Polish market is booming

Sales boosted by fleet vehicles and re-export, says Antoine Barthes, Managing Director of Nissan Central Europe.

Rzeczpospolita: We are seeing a drop in the level of automobile sales within the European market. What is the situation in our part of Europe?

Antoine Barthes, Managing Director of Nissan Central Europe: The Central European and, in particular, the Polish market is simply booming. Sales in the second quarter of 2016 increased by double digits. However, the question that now needs to be asked is: can this trend be maintained, can the results of the second quarter be repeated? Because in Poland, sales are not only boosted by fleet vehicles or private individuals, but also by special factors increasing growth – for example the re-export of cars brought to the country. If this continues to be the case then the situation will normalise. The 5% per cent increase in July already resembles a “normal” situation, keeping in mind that it is a summer month. We should therefore wait until September to see if the situation will stabilise, to see if we will once again see high re-export levels. However, fleet purchases are increasing. This is a welcome development because it means that businesses are optimistic about the economic situation of their country, as they feel comfortable enough to make these investments. Because these cars will in all certainty not be re-exported and will remain in the country. That is why it is a good sign that this part of the market is showing growth.

Is it possible to quantify the value of these re-exports?

It is very difficult to get a full picture of this phenomenon, because there are no official statistics. The only thing that we can do is to get a better idea of the situation by talking to dealers who sell a wide range of car brands. The only thing that we can derive is that these re-exports have increased substantially. Unfortunately, data from registrations is not a useful indicator because many cars are registered in Poland and then leave the country with their owners. This indicates that these purchases constitute a short-term insurance policy. Dealers who sell car brands such as Nissan, on the other hand, will admit that there is a lot of pressure to re-export coming from other brands.

Who profits from this, in your opinion?

It is most likely that the cars that were re-exported were bought from dealers and some consumers have realised that one can make money in doing this. Therefore this is not about loyalty to a brand, rather it is about making a quick profit regardless of what type of car is used to do this – a Nissan, Ford, Volkswagen, or any other brand. For us, such a situation is really harmful because it leads to a canabalisation of sales in other countries and it makes it more difficult to make strategic decisions. That is why we are doing everything to make dealers aware that when they sell cars that will soon thereafter go abroad they will lose the service options. Not to mention loyalty, which after all takes years to build. It is a very short-sighted business venture. Despite this phenomenon, we expect growth in the Polish market to be around 10% this year.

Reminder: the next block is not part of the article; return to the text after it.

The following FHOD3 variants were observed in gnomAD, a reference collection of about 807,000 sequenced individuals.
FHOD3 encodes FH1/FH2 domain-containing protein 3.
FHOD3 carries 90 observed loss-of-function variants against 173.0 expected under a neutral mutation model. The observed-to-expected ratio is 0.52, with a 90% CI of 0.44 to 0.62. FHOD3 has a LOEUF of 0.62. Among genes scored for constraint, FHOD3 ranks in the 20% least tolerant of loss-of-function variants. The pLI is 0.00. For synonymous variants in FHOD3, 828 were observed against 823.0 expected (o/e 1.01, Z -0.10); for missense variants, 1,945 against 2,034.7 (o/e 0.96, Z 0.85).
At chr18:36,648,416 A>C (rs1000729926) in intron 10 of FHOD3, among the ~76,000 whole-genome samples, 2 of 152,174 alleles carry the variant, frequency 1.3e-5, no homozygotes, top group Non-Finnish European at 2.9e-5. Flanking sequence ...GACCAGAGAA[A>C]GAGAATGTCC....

Nissan is probably the only automobile company that believes in electric cars. In your opinion, do you think that German subsidies for such cars will change the situation on the market and give an expected boost to sales which, to be honest, aren’t exactly sky-high?

Nissan believes that sales of electric cars will increase in the near future. In every country providing state incentives and the necessary infrastructure, because this is key. A growing number of governments are introducing subsidies for clean cars. This is the case in Norway, France and Germany. We are waiting to hear back about important information relating to the Hungarian market. We are also increasing the number of quick recharging devices in Poland. Our optimism also comes from the fact that competition in this market is rising, a growing number of companies believe that e-cars have a future. Nissan was a pioneer in this market. Now more companies think that this is a good direction to follow.

Is there already a market in second-hand electric cars?

They are starting to emerge, but it is still early days. However, the resale price is high, which is a positive signal.

Were you surprised when the residents of Sunderland, where Nissan is the biggest employer, voted in favour of leaving the EU?

I do not want to comment the results of the British referendum. This was a decision made by the people of Great Britain. The most important thing right now are the conditions under which the country will conduct trade with the EU. And this is what we are waiting for. At the moment our facilities are working normally, we continue to produce the Qasqai, Juke, Leaf and Infiniti Q30 models there. Prime Minister Theresa May has assured that investments in industry are very important for her, which is why, for now, there is no reason to worry.

Would it not be more profitable to have production in Poland – which Nissan had once planned to do?

I remember these discussions a few years ago. But having our production facilities in Sunderland worked out cheaper. And this is how it has remained. 

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